Fight over Fishtown church continues as relics removed

All sacred objects and holy relics have been removed from St. Laurentius Church in Fishtown, which former parishioners are still fighting to reopen, confirmed officials from the Archdiocese of Philadelphia.

“The Archdiocese gave us the death sentence and now they’re going to execute us before the appeals process goes through,” said A.J. Thomson, a member of the Save St. Laurentius committee.
Thomson also questioned the timing of the relics’ removal — days before a planned fundraiser for the parish school this weekend.
“Why did they choose to do this this week? … Does this even pass the smell test for reality?” he asked.
However, the Archdiocese said the removal was not improper and that the relics will be stored safely.
“There has been no violation of canon law in this matter as some have claimed. There was a very real potential for the items to be damaged or possibly stolen,” Archdiocese spokesman Ken Gavin said in an email.
An appeal to the Vatican of the parish’s deconsecration, filed on behalf of the aggrieved parishioners, is still pending, said canon law attorney Sister Kate Kuenstler.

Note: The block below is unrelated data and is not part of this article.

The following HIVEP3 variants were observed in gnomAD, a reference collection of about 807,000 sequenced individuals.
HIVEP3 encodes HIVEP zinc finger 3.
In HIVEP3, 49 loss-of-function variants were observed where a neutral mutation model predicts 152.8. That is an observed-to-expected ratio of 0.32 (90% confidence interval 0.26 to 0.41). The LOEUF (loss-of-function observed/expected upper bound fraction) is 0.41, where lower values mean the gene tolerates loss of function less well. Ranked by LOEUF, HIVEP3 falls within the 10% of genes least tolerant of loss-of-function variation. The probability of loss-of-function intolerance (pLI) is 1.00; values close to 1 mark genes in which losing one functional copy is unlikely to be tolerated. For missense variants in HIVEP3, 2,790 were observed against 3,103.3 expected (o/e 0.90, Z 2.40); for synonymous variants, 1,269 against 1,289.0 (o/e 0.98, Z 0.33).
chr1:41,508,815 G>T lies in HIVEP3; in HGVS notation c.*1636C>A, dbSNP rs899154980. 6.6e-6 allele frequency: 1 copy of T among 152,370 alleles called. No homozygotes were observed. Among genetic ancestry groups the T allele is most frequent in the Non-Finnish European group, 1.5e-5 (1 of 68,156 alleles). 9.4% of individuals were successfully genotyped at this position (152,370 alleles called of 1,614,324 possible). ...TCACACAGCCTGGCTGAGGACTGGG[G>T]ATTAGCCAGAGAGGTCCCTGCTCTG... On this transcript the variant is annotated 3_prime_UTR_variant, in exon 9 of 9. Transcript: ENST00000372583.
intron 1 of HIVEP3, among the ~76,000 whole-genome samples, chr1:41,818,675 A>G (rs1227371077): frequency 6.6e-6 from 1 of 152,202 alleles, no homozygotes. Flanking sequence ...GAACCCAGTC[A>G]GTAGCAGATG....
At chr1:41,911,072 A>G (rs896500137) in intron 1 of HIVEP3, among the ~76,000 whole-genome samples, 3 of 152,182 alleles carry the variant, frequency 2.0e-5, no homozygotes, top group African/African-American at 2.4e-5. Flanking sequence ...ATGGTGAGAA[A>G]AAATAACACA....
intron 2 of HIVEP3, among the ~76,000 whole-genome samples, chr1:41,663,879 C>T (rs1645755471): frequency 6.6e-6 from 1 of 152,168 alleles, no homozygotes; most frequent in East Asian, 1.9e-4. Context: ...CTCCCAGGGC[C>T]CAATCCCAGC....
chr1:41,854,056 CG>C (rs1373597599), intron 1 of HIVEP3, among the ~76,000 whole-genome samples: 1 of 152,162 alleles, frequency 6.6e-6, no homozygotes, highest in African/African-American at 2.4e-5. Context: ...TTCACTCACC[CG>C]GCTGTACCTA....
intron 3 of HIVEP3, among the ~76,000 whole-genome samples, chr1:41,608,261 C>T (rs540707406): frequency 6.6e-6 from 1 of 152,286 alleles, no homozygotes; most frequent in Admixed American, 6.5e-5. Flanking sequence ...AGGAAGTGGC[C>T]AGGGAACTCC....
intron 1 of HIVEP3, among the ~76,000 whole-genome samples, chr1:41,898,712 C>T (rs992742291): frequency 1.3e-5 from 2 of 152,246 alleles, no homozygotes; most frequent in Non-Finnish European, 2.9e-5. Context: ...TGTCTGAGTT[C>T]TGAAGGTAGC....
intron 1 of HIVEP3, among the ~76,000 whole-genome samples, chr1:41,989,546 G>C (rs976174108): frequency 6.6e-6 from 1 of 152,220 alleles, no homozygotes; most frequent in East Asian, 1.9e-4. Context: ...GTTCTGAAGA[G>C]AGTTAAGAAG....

“I don’t know why he [Archbishop Chaput] did it,” Kuenstler said of the relics’ removal. “Obviously he doesn’t understand that it is hurtful to people.”
The appeal is awaiting a response from the Vatican. But Kuenstler said historically, there are cases where parishes have been reopened and had their relics returned.
The relics are not in danger, officials said.
“All of the items removed from St. Laurentius have been documented and are in storage for safe keeping,” said Ed Rafferty, coordinator of the Ecclesiastical Exchange of the Archdiocese of Philadelphia. “Nothing is for sale.”
St. Laurentius, the oldest Polish Catholic church in Philadelphia, was built in 1882.
Archdiocese estimates say full repair of St. Laurentius would cost $3.5 million. Demolition would cost $1 million.
St. Laurentius merged with Holy Name Parish in July 2013, and was officially deconsecrated on Oct. 1.

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